Found 3 comments on HN
qohen · 2012-03-02 · Original thread
> Civilized society? Not at all. Just organized tribal warfare.

The story may be a bit more nuanced that that:

From a review of "Genghis Khan and the Making of the Modern World"


"Arguably, however, Genghis Khan and the Mongols were the dominant force that shaped Eurasia and consequently the modern world. Not for what they destroyed – though they wrought much destruction all over the continent – but for what they built. They came close to uniting Eurasia into a world empire, and in so doing they spread throughout it technologies like paper, gunpowder, paper money, or the compass – and trousers. They revolutionised warfare. More lastingly, in the word's of the author: ' ...they also created the nucleus of a universal culture and world system. (...) With the emphasis on free commerce, open communication, shared knowledge, secular politics, religious coexistence, international law, and diplomatic immunity.' ".

protomyth · 2011-04-14 · Original thread
For an interesting historical perspective of the interaction, check "Genghis Khan and the Making of the Modern World" by Jack Weatherford
IMO I'd say war and atrocities do go hand in hand, they don't have to but it just seems to be a downfall of human nature. I believe what happened in Japan is a prime example, the US troops had heard of all the atrocities against POW's and when invading they treated the Japanese dead more like game than humans, including taking trophies, this then got back to the Japanese and they were so disgusted by the American atrocities that when the US invaded cities there were mass suicides because the Japanese didn't want to live through US occupation. So ironically the Japanese Military committing atrocities ended up killing their own people more effectively than if they'd shot a civilian with every POW.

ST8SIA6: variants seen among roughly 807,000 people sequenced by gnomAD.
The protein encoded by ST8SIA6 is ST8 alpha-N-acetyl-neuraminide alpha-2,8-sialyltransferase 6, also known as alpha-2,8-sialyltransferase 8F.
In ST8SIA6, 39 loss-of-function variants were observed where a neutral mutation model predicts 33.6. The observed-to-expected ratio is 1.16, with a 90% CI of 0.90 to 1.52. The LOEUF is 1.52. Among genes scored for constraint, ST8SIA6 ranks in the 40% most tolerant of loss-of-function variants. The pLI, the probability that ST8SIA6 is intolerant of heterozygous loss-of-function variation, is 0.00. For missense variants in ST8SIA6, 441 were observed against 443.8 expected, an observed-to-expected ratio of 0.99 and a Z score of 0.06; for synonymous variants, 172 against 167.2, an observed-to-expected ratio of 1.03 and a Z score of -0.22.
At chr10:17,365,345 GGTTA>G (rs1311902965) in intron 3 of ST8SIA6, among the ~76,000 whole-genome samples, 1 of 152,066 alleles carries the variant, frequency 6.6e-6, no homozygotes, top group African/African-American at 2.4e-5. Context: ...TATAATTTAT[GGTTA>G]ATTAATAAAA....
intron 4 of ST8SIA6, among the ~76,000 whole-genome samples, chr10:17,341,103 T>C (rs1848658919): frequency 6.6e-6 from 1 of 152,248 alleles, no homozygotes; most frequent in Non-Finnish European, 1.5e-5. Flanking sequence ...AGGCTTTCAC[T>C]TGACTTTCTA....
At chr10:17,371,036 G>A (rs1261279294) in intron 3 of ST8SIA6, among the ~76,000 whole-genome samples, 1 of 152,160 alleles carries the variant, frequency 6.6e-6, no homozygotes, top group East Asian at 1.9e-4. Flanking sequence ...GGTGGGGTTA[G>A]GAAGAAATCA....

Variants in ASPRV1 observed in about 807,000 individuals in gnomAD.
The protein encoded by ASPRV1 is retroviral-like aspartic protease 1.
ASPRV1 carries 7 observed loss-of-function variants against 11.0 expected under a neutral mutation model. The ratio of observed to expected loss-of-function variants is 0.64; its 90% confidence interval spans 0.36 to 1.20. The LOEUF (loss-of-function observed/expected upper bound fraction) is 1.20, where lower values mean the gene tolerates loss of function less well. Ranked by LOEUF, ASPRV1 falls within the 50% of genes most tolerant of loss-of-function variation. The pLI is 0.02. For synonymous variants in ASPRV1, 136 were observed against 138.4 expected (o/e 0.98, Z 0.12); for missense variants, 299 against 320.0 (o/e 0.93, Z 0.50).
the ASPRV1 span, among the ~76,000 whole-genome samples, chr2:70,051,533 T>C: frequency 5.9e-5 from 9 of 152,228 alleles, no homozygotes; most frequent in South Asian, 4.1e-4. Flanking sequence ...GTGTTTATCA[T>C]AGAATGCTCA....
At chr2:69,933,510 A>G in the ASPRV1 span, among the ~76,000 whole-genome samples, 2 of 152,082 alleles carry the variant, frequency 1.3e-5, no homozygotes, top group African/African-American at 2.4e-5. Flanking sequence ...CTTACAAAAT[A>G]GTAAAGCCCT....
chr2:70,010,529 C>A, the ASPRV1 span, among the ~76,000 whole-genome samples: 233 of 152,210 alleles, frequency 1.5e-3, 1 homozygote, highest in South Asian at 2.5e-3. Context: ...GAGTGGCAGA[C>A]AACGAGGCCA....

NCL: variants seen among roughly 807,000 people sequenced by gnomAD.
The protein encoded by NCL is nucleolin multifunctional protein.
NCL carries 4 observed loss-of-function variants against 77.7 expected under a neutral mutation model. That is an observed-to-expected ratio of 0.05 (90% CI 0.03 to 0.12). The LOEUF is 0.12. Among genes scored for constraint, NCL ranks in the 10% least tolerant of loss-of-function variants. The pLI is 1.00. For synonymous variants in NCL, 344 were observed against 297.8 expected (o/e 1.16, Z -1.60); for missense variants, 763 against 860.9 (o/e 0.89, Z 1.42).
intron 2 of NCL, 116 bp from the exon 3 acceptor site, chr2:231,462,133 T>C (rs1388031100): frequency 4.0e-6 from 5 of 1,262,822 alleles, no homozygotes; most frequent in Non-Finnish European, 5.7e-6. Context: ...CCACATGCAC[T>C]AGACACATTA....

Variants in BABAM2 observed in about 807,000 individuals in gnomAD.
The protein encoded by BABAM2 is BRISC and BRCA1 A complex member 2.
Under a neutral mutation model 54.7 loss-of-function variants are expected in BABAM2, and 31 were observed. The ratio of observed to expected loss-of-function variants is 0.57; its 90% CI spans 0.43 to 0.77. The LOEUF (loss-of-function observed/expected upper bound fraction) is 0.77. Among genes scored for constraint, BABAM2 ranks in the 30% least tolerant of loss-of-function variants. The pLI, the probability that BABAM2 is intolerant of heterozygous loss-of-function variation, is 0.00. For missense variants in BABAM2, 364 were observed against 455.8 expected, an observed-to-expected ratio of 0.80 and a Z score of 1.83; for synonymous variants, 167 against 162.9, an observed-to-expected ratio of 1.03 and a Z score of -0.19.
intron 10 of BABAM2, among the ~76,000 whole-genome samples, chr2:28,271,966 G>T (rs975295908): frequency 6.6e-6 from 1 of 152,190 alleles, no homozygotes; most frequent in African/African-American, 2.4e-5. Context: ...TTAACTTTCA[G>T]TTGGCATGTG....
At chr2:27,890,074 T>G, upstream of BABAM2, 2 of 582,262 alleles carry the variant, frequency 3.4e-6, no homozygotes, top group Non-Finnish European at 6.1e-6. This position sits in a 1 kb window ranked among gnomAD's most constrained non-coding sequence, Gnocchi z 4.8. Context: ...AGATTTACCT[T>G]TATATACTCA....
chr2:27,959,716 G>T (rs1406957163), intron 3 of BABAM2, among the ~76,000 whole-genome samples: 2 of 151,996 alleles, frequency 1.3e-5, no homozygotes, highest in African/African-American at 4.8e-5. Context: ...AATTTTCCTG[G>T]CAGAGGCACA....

Again looking at history, I believe without war we wouldn't have technology. Most of the technology that we take as granted in the medieval period came from the Mongols, who because of war managed to gather together inventors from multiple countries and cultures and put them together. They took Chinese fireworks and Bronze Workers from Eastern Europe (I can't remember the country) and put 1 + 1 together, they built a cannon. They also committed many atrocities, however it was always the victims own fault, many times they killed the messenger, which the Mongol's invented their own postal service so they got pissed off at that and just besieged cities. Other times they were given fare warning, nearly always 'surrender and we'll let you live your lives as you always have', yet people refused. IIRC one time the citizens refused and killed the messenger, this one led to the Mongols diverting a river into the city and then slaughtering everyone.

The book I read ( is a real eye opener. The man merely wanted to protect his own family, but betrayal after betrayal he ended up conquering most of the old world. The only reason he didn't take over all of western europe was because 'middle' europe was so poor they thought it was like what we imagine the third world. Aside from Europe they didn't invade most of Africa and India, this was purely because they couldn't ride their horses and didn't feel like invading.

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